The Week in Iraq is a weekly assessment of significant incidents and trends in Iraqi civilian casualties by IBC's news collector and Recent Events editor Lily Hamourtziadou.
The analyses and opinions presented in these commentaries are personal to the author.
The Week in Iraq
The greatest attack
by Lily Hamourtziadou
4 Feb 2007
It was the worst single attack since the 2003 invasion: 137 people died in a Baghdad market, when a suicide bomber blew up his truck. The attack on Saturday 3 February, 40 days after the execution of Saddam Hussein, left a crater 15 feet long, 10 feet wide and 5 feet deep in the middle of the market. It was one of the deadliest bombings, as these attacks become more and more frequent.
In 2003 there was only one attack that killed over 50 civilians:
-29 August, 83 killed in Najaf.
In 2004 there were seven:
-February 1, 109 killed in Arbil
-February 10, 53 killed in Iskandariya
-March 2, 67 killed in Baghdad
and 121 in Karbala
-July 28, 70 killed in Baquba
-November 9, 59 killed in Falluja
-December 19, 52 killed in Najaf
In 2005 there were seven:
-February 28, 125 killed in Hilla
-March 10, 51 killed in Mosul
-May 4, 60 killed in Arbil
-July 16, 98 killed in Mussayib
-September 14, 114 killed in Baghdad
-September 29, 98 killed in Balad
-November 18, 74 killed in Khanaqin
In 2006 there were twelve:
-January 5, 60 killed in Karbala
80 killed in Ramadi
-March 12, 58 killed in Baghdad
-April 7, 90 killed in Baghdad
-July 1, 62 killed in Sadr City, Baghdad
-July 17, 72 killed in Mahmudiya
-July 18, 58 killed in Kufa
-August 13, 76 killed in Baghdad
-August 31, 67 killed in Baghdad
-November 23, 215 killed in Sadr City, Baghdad, by six bombs.
-December 2, 61 killed in Baghdad
-December 12, 76 killed in Baghdad
In 2007, just over a month into the year, there have been four already:
-January 16, 70 killed at Mustansiriya University, Baghdad
-January 22, 88 killed in Baghdad
-February 1, 73 killed in Hilla
-February 3, 137 killed in Baghdad
The attacks are increasing, together with the dead, despite the added security provided by the Iraqi authorities and the US army. During the past week nearly 900 civilians were reported killed in violent attacks.
On Monday 29 January around 120 die, including a man, his wife and 4 daughters shot dead by gunmen in their home in Baghdad. A child is shot dead while watching a football match north of Baquba, another child dies in an attack on a Baghdad neighbourhood that kills 16, a grenade attack kills 5 worshippers in a mosque, while 43 bodies are found tortured in Baghdad.
On Tuesday 30 January around 110 die. In Baghdad over 20 people are killed by mortars and a dozen more by gunmen, while 15 pilgrims are killed in Khanaqin and 15 more in Baquba. A suicide bomber blows himself up at a mosque in Balad Ruz, killing 25 worshippers.
On Wednesday 31 January the 70 dead include 3 university professors and a student, kidnapped a few days earlier, whose dead bodies are found in Baghdad. About 40 more die in Baghdad, 10 of them shot dead as they walk down the street.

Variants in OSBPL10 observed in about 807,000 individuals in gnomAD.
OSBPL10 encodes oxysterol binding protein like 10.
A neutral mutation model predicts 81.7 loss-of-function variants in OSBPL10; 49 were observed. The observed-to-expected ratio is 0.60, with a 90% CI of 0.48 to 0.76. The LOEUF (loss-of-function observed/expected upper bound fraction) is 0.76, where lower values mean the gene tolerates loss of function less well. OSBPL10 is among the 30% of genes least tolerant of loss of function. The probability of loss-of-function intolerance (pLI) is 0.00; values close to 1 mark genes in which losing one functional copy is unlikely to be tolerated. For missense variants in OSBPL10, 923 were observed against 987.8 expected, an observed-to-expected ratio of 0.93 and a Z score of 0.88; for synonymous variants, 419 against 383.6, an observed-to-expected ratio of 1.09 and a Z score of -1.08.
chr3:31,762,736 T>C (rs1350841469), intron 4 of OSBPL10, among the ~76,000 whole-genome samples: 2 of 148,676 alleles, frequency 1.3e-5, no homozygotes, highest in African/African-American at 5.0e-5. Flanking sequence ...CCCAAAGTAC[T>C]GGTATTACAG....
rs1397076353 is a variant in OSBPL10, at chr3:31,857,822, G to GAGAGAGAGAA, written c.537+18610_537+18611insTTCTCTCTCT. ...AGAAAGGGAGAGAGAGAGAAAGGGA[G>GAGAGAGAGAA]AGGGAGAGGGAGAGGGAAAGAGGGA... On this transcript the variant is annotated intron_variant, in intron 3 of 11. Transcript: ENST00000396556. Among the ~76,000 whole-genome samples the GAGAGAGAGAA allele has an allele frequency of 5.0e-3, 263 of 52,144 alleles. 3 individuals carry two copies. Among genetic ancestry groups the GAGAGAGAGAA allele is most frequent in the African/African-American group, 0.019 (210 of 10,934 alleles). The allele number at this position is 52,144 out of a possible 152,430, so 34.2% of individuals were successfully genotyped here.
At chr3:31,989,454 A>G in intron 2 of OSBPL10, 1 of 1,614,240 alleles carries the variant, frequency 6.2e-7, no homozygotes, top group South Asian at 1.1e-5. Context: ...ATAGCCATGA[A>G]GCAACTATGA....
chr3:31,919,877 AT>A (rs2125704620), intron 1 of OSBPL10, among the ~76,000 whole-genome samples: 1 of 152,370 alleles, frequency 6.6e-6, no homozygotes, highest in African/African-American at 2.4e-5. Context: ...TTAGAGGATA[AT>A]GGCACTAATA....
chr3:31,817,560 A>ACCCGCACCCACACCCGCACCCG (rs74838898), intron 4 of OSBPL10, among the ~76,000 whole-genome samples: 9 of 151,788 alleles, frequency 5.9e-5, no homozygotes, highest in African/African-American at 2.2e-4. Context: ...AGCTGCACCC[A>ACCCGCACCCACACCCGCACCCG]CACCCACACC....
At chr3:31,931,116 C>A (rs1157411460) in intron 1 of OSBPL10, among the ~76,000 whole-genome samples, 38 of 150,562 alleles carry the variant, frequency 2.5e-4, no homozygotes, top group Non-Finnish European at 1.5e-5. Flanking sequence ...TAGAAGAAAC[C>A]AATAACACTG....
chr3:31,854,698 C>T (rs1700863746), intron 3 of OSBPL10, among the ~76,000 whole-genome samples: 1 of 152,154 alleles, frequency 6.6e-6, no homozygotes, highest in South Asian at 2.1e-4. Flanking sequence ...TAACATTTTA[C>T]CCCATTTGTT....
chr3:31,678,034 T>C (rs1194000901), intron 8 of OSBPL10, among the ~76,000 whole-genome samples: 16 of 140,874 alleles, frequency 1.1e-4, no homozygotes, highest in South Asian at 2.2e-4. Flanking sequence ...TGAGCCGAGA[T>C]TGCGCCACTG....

Overall, civilian deaths exceeded 2,800 in January.
Civilian deaths reach a staggering 230 on February 1, as suicide bombers blow up 73 people at a market in Hilla. This is not, however, the most shocking attack of the day, as there are reports of the complete destruction of a village south of Baghdad. According to one report, during a fierce battle, the village of al-Samra, comes under attack by insurgents, joint Iraqi and US forces, by land and by air, resulting in its complete destruction and the deaths of 70 villagers (another report puts the death toll at 150). The assault lasts the whole day. The residents of the village die in the attacks, or in a nearby river trying to escape, or are killed execution-style.
Friday 2 February is relatively peaceful, as there are only 52 civilian deaths reported.
It is, however, followed by a bloody weekend. On Saturday 3 February the greatest single attack kills 137 in a Baghdad market, on a day that the dead almost reach 200.
On Sunday 4 February over 100 die, nearly all of them in Baghdad. Among the dead a woman killed with her children by mortars.
Meanwhile, last Sunday’s ‘pre-emptive strike’(a US favourite) on a religious group near Najaf by joint Iraqi and US forces, in which over 260 were killed, comes into question. It was at first claimed that the group was attacked as they planned to kill pilgrims in Najaf, on the Day of Ashura. The timely US and Iraqi intervention thwarted their plot. Yet according to other reports the group lived in a village, with a mosque, and was peaceful. It may have all started at a checkpoint, where confrontations erupted between security and members of the religious procession, which escalated. Following the killings and mass arrests of men, women and children, a free lance journalist Munjid al-Tamimi is killed after taking photos of the dead bodies in the hospital.
We may never know what those people did wrong, or if they did any wrong at all, just as we may never know exactly what happened in al-Samra. What we do know, however, is that too many are dying for a cause that is at best unclear, and almost certainly unjust.